About 200 people have hiked the “Triple Crown,” which is comprised of the Pacific Crest Trail, the Appalachian Trail, and the Continental Divide Trail—a total of more than 7,900 miles.
Of those 200 is Reed Gjonnes—a 13-year-old from Salem, Oregon who recently became the youngest person to hike the three trails.
The young hiker began backpacking when she was a mere four years old with her father Eric Gjonnes, who is an expert long-distance hiker. Reed and her father tackled the three longest trails in the United States in the last three years.
“Hiking has been part of my life for as long as I can remember,” Reed said in an article published by USA Today. “When I was a little kid, it was because I wanted to spend time with my dad and go camping. Now I love everything about it—the beautiful scenery, the wild animals and meeting other people on the trail. It’s all pretty great.”
Her record was verified by the American Long Distance Hiking Association – West, which is a non-profit organization that gives awards to each hiker who finishes the Triple Crown. Although the record is unofficial because speed and age are not kept track of, it is agreed upon in the hiking community that Reed is the youngest, compared to the last record that was completed by a then 24-year-old.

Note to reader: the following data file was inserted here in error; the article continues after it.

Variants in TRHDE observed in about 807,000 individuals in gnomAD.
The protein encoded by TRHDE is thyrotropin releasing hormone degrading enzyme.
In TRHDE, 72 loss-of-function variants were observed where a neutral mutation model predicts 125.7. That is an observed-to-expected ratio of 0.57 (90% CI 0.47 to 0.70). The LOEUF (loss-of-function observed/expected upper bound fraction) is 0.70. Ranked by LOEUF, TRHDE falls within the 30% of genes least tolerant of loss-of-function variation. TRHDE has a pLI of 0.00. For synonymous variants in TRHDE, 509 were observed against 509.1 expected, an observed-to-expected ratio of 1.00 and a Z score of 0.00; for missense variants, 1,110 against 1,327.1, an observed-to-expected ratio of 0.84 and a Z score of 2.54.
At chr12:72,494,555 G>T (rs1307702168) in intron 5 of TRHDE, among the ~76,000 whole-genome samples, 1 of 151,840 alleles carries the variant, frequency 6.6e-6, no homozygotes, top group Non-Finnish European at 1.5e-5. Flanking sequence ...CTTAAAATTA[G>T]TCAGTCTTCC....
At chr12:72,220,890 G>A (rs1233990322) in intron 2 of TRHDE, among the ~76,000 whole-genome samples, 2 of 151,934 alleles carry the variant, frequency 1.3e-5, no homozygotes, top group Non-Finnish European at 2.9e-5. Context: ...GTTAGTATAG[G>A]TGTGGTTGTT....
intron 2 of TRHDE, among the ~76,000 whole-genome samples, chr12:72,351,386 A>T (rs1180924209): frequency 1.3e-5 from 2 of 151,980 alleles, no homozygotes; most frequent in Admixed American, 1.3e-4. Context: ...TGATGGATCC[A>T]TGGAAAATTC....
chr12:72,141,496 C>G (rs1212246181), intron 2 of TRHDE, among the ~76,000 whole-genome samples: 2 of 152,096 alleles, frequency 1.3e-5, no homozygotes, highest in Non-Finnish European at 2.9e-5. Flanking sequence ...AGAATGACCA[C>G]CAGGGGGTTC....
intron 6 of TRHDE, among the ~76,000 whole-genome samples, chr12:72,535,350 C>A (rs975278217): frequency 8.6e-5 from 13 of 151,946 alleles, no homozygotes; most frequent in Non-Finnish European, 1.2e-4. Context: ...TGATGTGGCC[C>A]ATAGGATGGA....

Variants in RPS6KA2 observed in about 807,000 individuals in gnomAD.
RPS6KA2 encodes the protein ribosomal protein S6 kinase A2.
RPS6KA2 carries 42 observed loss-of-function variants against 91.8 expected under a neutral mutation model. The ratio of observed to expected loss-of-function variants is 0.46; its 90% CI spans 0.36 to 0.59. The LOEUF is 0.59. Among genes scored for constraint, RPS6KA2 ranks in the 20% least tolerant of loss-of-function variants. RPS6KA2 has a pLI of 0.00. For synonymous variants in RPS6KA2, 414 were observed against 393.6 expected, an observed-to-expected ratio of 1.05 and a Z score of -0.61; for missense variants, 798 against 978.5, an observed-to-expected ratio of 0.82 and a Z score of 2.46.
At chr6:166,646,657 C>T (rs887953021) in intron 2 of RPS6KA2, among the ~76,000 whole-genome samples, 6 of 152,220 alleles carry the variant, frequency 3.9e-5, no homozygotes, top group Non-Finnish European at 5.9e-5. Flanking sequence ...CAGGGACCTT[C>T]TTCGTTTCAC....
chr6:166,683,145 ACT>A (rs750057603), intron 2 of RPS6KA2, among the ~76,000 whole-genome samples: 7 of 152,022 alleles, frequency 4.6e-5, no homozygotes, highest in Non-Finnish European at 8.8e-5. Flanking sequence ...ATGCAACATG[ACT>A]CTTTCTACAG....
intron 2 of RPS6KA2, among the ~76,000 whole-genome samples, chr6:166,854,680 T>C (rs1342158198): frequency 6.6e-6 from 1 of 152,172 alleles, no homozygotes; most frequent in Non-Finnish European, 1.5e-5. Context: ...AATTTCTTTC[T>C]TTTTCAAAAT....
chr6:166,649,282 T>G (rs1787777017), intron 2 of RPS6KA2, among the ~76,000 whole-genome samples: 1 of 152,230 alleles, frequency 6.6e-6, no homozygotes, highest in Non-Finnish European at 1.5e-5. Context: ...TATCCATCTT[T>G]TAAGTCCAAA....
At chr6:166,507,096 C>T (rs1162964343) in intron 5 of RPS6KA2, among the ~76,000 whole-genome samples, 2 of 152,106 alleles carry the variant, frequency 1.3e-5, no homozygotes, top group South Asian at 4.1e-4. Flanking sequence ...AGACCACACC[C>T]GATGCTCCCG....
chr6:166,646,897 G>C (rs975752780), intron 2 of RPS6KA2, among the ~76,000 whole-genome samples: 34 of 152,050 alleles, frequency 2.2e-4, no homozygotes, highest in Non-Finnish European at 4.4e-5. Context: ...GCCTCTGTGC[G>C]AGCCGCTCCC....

“Although we don’t recognize age and speed records, we’re all in awe of somebody this young accomplishing such a monumental task,” Whitney LaRuffa, president of the organization, said in the article. “We’re very proud of her—it really is amazing.”
Reed said it was never her intention to be the youngest person to complete the trails, but the title was just a “bonus” on top of the hiking.
Other than missing her friends and family while she was on the trail, Reed has also faced challenges such as a fractured arm during her AT hike and a foot infection on the Pacific Crest Trail. She’s covered as much as 40 miles per day and has snowshoed the length of the state of Colorado, just to name a few of her accomplishments.
“At no point was she the little girl just coming along. She carried her own gear and portion of food. She knows how to cook and set up camp and took part in the decision-making,” her father is quoted as saying. “In every sense she’s my hiking partner—and a very skilled one.”